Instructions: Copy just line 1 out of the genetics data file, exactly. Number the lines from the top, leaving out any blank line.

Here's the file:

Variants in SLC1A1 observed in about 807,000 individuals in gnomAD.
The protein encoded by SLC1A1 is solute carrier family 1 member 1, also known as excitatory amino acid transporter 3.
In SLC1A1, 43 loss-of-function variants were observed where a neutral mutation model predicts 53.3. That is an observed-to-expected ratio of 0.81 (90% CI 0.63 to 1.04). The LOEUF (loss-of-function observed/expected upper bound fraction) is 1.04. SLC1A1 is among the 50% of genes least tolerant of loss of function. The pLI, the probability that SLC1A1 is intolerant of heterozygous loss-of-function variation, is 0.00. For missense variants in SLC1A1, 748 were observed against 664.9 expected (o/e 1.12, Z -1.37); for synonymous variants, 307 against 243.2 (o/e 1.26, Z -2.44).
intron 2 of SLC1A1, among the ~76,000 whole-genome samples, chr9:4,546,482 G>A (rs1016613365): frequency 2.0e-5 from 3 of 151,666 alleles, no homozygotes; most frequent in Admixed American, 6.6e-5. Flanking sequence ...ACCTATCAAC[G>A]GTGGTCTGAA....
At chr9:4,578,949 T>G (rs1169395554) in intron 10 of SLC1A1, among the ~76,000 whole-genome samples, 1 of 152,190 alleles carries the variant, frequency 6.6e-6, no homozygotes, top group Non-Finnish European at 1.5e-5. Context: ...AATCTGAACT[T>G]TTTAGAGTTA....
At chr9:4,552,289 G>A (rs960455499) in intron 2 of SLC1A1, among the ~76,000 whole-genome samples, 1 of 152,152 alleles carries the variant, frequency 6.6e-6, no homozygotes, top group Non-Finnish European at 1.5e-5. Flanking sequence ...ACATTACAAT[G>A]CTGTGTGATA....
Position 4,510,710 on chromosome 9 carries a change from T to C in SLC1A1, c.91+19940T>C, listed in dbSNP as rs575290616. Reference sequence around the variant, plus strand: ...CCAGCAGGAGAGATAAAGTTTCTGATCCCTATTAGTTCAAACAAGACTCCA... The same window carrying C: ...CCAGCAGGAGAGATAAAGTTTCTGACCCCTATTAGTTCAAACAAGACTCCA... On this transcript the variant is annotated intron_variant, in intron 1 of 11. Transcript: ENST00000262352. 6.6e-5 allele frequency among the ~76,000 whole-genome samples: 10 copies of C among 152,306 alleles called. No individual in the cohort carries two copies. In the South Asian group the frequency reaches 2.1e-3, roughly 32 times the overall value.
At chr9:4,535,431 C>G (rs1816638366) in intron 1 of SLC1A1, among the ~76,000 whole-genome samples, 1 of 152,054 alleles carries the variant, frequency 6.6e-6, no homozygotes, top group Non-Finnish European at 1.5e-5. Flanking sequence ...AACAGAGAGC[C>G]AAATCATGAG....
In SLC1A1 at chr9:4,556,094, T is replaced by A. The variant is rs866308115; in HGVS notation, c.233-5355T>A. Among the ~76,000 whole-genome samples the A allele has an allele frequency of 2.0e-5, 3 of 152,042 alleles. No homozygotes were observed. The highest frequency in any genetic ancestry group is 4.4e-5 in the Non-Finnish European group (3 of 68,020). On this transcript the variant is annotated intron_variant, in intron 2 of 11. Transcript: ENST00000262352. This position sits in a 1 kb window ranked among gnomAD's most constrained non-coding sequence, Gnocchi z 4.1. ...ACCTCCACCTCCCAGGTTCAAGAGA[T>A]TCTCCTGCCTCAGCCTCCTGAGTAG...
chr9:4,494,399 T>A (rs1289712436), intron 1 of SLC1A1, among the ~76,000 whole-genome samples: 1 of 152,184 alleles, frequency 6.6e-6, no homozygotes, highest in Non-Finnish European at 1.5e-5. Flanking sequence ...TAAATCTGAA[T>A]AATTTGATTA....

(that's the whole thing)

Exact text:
Variants in SLC1A1 observed in about 807,000 individuals in gnomAD.